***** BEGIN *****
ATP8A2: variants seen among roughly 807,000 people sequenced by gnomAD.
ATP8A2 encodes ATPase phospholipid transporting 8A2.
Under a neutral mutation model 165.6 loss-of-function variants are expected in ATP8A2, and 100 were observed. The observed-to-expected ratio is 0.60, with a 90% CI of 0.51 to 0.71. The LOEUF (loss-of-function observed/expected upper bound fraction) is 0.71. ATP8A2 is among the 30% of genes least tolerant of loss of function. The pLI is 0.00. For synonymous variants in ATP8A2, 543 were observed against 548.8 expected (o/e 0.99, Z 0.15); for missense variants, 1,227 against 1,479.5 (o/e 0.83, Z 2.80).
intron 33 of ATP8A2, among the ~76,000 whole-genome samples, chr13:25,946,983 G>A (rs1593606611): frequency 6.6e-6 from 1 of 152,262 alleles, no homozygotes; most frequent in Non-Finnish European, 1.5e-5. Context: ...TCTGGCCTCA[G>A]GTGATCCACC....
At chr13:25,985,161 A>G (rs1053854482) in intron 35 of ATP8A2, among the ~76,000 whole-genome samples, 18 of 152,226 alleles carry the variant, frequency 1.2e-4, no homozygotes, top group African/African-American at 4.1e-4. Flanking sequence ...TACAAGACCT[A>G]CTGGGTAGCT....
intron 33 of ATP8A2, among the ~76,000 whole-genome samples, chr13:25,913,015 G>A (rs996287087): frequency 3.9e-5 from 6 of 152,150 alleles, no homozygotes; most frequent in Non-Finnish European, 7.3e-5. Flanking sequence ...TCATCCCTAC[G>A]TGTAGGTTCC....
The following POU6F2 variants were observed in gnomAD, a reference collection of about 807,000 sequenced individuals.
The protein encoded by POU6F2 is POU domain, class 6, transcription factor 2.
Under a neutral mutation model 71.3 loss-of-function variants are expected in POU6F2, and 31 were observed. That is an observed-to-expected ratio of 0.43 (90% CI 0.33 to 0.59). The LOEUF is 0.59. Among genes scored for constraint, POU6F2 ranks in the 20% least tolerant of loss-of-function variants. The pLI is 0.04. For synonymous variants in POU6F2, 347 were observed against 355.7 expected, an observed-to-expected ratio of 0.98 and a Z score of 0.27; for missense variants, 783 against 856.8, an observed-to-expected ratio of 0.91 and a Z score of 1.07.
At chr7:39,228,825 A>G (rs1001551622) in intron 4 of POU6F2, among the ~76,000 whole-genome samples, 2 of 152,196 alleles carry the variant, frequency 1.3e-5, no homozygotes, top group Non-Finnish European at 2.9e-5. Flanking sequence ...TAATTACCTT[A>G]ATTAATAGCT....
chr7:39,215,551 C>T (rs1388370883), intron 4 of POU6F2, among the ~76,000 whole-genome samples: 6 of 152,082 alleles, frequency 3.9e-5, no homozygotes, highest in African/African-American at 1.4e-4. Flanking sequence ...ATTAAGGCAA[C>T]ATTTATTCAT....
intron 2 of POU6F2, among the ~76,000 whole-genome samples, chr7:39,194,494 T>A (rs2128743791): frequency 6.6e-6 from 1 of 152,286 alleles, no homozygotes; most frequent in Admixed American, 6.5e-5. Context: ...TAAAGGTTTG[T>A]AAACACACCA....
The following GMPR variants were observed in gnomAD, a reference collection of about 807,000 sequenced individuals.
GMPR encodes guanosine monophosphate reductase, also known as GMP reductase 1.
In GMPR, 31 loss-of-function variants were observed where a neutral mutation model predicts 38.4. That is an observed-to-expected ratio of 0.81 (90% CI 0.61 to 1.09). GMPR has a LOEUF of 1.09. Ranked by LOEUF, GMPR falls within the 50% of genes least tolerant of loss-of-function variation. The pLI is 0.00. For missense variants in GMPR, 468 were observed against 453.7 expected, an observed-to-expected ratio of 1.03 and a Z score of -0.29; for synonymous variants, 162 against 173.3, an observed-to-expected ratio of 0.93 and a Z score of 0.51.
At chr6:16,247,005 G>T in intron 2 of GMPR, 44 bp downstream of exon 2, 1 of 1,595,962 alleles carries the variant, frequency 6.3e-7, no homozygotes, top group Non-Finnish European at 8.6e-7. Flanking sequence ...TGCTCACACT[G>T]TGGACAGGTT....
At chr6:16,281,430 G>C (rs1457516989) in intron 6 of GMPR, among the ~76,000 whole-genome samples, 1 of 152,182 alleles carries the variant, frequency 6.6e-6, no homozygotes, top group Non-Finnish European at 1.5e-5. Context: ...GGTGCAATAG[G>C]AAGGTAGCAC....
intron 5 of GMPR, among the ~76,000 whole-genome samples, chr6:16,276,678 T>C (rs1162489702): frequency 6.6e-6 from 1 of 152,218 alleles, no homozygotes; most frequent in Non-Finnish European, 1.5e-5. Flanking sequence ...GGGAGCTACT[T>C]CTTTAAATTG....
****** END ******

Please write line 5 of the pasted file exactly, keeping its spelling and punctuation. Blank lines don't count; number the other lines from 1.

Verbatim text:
At chr13:25,985,161 A>G (rs1053854482) in intron 35 of ATP8A2, among the ~76,000 whole-genome samples, 18 of 152,226 alleles carry the variant, frequency 1.2e-4, no homozygotes, top group African/African-American at 4.1e-4. Flanking sequence ...TACAAGACCT[A>G]CTGGGTAGCT....